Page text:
Since his appointment as CEO of Bombardier in 2015, Alain Bellemare, MBA ’93, has weathered many crises – from his company’s near bankruptcy to its year-long trade battle against Boeing. On March 16th, Bellemare returned to his alma mater to speak in the CEO Speaker Series, giving insights into his career and providing perspective on controversies surrounding Bombardier’s C-series airliner.
The Bombardier chief spent the first twelve years of his career in Crown Cork & Seal Canada and Kraft Canada. Bellemare was on the verge of moving to Kraft’s Chicago headquarters in 1996 when United Technologies (UTC) invited him to join the manufacturing operations of Pratt & Whitney, one of UTC’s Greater Montreal-based subsidiaries.
Bellemare was indecisive about moving to a different company. “I was getting comfortable at Kraft,” Bellemare said. “I wasn’t sure if I wanted to start [my career] all over again.” In hindsight, he acknowledged that joining UTC was “one of the best things [he’s] ever done.” Entering the aerospace industry allowed Bellemare to return to his background in aeronautical engineering. Furthermore, Bellemare was able to transfer his knowledge of business operations from Kraft to his new role in Pratt & Whitney. “It was a bit of a challenge to move from producing peanut butter to jet engines,” Bellemare jokes. Executives at UTC were surprised by the company’s decision to hire a new colleague from the food industry, but Kraft’s “disciplined” and “cost-focused” operations trained Bellemare to succeed in the aerospace industry as well. Bellemare’s most notable responsibilities at UTC included the manufacture of aerospace systems for the Boeing 787 and the merger of UTC subsidiary Hamilton Sundstrand and the Goodrich Corporation in 2012.
Given the current political climate in the United States, Bellemare himself was surprised by the 4-0 ITC ruling in favour of Bombardier.
However, none of Bellemare’s experience prior to becoming Bombardier CEO prepared him for his company’s trade battle against Boeing. In April 2017, Boeing filed a complaint accusing Bombardier of receiving billions from the Quebec and federal governments as unfair subsidies for Bombardier’s C-series aircraft program. Six months later, the U.S. International Trade Commission (ITC) ruled to impose a nearly 300-percent tariff on the C-series, a decision the organization later unanimously overturned in January.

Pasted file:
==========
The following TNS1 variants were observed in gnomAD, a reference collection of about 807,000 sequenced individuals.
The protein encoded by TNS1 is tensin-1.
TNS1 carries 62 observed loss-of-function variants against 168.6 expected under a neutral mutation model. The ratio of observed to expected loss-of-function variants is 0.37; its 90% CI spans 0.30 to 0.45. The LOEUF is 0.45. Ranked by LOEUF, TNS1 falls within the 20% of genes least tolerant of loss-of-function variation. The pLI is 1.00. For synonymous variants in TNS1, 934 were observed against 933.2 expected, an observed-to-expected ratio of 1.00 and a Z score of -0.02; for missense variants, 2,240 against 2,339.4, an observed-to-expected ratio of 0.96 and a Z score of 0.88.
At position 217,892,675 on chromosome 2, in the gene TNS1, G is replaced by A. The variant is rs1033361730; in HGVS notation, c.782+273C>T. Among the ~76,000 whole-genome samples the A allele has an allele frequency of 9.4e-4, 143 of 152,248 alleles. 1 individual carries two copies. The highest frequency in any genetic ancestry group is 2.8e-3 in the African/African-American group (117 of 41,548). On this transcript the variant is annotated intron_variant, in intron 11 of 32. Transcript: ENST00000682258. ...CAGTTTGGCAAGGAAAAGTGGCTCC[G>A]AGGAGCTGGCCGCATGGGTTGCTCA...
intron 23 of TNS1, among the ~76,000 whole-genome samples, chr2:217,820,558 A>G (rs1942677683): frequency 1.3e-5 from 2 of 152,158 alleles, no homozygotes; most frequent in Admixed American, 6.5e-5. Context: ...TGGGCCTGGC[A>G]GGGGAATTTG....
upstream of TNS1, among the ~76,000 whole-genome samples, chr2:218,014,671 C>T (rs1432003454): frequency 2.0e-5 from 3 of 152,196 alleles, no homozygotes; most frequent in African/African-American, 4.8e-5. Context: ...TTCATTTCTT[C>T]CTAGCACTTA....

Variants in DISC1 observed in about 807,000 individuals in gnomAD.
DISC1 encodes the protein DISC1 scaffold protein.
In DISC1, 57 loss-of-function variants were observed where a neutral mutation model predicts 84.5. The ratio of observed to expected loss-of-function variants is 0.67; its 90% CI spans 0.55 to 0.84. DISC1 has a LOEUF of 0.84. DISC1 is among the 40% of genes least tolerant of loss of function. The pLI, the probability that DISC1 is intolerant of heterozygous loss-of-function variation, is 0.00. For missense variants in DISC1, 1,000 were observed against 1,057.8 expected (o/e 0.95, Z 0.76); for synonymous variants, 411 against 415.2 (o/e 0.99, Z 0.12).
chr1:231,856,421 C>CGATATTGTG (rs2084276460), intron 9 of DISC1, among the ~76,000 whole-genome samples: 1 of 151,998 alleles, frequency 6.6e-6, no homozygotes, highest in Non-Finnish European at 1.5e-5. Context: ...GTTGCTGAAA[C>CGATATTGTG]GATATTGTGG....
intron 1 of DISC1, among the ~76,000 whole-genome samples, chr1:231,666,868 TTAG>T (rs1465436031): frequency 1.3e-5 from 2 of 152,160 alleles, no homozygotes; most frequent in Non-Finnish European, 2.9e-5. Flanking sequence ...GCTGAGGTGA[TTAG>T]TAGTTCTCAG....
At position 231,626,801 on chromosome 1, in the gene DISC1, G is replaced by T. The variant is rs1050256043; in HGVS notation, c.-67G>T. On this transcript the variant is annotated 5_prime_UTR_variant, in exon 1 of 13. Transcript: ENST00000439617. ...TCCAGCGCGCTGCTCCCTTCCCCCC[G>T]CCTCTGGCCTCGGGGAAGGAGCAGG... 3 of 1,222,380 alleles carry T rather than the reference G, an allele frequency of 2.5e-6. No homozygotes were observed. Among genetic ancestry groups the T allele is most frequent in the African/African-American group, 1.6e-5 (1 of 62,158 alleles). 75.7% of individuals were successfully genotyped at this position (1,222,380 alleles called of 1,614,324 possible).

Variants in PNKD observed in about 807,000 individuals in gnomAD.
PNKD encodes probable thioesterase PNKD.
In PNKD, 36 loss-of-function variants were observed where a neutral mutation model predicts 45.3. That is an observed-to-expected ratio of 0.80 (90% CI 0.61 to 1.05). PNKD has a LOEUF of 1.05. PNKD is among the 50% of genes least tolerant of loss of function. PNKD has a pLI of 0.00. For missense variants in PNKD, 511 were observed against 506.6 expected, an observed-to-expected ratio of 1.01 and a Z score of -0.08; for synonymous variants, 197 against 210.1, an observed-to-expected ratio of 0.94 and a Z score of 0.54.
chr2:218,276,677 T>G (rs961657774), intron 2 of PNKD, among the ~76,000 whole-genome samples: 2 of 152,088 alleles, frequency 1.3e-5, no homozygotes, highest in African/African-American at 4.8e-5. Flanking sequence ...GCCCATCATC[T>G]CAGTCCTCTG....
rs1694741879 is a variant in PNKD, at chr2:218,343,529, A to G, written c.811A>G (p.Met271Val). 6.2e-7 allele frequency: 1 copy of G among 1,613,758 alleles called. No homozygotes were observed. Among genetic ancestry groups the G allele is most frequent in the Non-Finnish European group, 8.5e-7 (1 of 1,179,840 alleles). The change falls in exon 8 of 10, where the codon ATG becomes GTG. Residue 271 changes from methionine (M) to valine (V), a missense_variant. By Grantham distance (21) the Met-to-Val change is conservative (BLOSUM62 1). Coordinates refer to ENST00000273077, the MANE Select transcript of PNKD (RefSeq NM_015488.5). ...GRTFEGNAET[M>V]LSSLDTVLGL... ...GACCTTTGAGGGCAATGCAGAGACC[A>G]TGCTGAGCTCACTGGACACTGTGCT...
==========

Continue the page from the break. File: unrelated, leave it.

When reflecting on the trade case, Bellemare depicted Boeing as being “really bad guys” and “dishonest.” Bellemare stated, “what [Boeing] did [in the trade case] was really, really unfair… coming after the C-series, which was not competing with Boeing, and coming at us was absolutely ridiculous. It was a big joke.” Given the current political climate in the United States, Bellemare himself was surprised by the 4-0 ITC ruling in favour of Bombardier.
Given the pretext to the Airbus partnership, Bellemare admitted his company’s struggles facing rivals who “produce ten times more aircraft” than Bombardier does, as well as the financial burden the C-series imposed. “When I joined [Bombardier] in 2015, there’s a lot of speculation that I would shut [the C-series program] down,” Bellemare said. “I [was] not going to shut it down, but I [was] going to find a way to unleash the value of the investment [in the C-series].” It became evident to Bellemare that Bombardier could only save its beloved aircraft through a partnership.
Bellemare praised Quebec Premier Couillard’s judgment in backing the company and stated that the Airbus partnership will bring the province more revenue and jobs.
An initial partnership proposal with Airbus in 2015 did not come into realization until Airbus reconsidered and agreed to co-manage the C-series program with Bombardier in October 2017. Bellemare emphasized that the partnership was a “purely strategic move.” Even though Airbus assumed leadership of the C-series production, the company brought Bombardier a larger clientele, more leverage with suppliers, and a vast customer support network. In the partnership agreement, Airbus gained a controlling stake of 50.1-percent in the C-series program, and now controls the manufacturing and sales of the aircraft. Bombardier and Investissement Quebec will own a 31-percent and 19-percent interest, respectively.
Bellemare believes that government subsidies were Bombardier’s best option to save the C-series prior to the Airbus partnership. “What people do not understand is that in 2015, there was not one airline customer that wanted to buy the C-series,” Bellemare recounted. “If the Quebec government [did not] put a billion dollars into Bombardier, it would have [meant the end] for the C-series. Without the C-series, Bombardier would’ve had a very tough time.” According to the CEO, the C-series subsidies convinced his company’s airline clients that the production of Bombardier’s flagship aircraft was not disbanding anytime soon.
Bellemare praised Quebec Premier Couillard’s judgment in backing the company and stated that the Airbus partnership will bring the province more revenue and jobs. The Bombardier chief further demanded more support of his company from the Quebec business communities. “We’re so fortunate to have a global player right here in Montreal and Canada,” Bellemare said regarding Bombardier. “We should cherish [Bombardier] and we should understand that it comes with challenges when you operate a company of that size.” Regardless of the incurred debt, the backing of the Quebec government speaks well to the future of aspiring businesses in the Canadian landscape.